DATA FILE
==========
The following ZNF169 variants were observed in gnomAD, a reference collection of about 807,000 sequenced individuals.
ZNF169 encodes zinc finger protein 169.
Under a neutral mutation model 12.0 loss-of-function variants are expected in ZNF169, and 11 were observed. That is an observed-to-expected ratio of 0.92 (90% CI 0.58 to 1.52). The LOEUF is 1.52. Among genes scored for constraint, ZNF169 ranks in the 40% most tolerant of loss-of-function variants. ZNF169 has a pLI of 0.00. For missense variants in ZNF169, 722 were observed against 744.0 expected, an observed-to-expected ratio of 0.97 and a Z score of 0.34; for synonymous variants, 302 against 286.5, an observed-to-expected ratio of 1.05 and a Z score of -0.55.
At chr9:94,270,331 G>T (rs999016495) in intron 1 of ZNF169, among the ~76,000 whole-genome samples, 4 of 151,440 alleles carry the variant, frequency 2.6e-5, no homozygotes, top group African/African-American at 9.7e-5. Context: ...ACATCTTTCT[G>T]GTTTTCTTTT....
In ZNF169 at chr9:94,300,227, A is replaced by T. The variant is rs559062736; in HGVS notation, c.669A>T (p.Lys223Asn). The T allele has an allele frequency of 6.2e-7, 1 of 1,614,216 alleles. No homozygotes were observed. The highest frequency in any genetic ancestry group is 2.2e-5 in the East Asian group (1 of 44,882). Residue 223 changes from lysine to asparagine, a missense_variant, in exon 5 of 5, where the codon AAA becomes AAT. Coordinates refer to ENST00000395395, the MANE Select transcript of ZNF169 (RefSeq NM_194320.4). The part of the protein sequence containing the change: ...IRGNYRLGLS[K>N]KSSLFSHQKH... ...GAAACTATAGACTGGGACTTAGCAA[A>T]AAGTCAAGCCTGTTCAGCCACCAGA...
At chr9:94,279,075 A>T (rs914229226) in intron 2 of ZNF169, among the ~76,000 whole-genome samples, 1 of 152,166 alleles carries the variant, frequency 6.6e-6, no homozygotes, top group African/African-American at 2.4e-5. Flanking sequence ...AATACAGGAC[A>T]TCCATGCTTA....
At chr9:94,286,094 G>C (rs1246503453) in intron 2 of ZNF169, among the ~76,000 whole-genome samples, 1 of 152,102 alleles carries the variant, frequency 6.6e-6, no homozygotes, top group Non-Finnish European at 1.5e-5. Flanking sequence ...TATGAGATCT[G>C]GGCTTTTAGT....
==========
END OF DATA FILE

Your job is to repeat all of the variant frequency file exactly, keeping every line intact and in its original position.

The following ZNF169 variants were observed in gnomAD, a reference collection of about 807,000 sequenced individuals.
ZNF169 encodes zinc finger protein 169.
Under a neutral mutation model 12.0 loss-of-function variants are expected in ZNF169, and 11 were observed. That is an observed-to-expected ratio of 0.92 (90% CI 0.58 to 1.52). The LOEUF is 1.52. Among genes scored for constraint, ZNF169 ranks in the 40% most tolerant of loss-of-function variants. ZNF169 has a pLI of 0.00. For missense variants in ZNF169, 722 were observed against 744.0 expected, an observed-to-expected ratio of 0.97 and a Z score of 0.34; for synonymous variants, 302 against 286.5, an observed-to-expected ratio of 1.05 and a Z score of -0.55.
At chr9:94,270,331 G>T (rs999016495) in intron 1 of ZNF169, among the ~76,000 whole-genome samples, 4 of 151,440 alleles carry the variant, frequency 2.6e-5, no homozygotes, top group African/African-American at 9.7e-5. Context: ...ACATCTTTCT[G>T]GTTTTCTTTT....
In ZNF169 at chr9:94,300,227, A is replaced by T. The variant is rs559062736; in HGVS notation, c.669A>T (p.Lys223Asn). The T allele has an allele frequency of 6.2e-7, 1 of 1,614,216 alleles. No homozygotes were observed. The highest frequency in any genetic ancestry group is 2.2e-5 in the East Asian group (1 of 44,882). Residue 223 changes from lysine to asparagine, a missense_variant, in exon 5 of 5, where the codon AAA becomes AAT. Coordinates refer to ENST00000395395, the MANE Select transcript of ZNF169 (RefSeq NM_194320.4). The part of the protein sequence containing the change: ...IRGNYRLGLS[K>N]KSSLFSHQKH... ...GAAACTATAGACTGGGACTTAGCAA[A>T]AAGTCAAGCCTGTTCAGCCACCAGA...
At chr9:94,279,075 A>T (rs914229226) in intron 2 of ZNF169, among the ~76,000 whole-genome samples, 1 of 152,166 alleles carries the variant, frequency 6.6e-6, no homozygotes, top group African/African-American at 2.4e-5. Flanking sequence ...AATACAGGAC[A>T]TCCATGCTTA....
At chr9:94,286,094 G>C (rs1246503453) in intron 2 of ZNF169, among the ~76,000 whole-genome samples, 1 of 152,102 alleles carries the variant, frequency 6.6e-6, no homozygotes, top group Non-Finnish European at 1.5e-5. Flanking sequence ...TATGAGATCT[G>C]GGCTTTTAGT....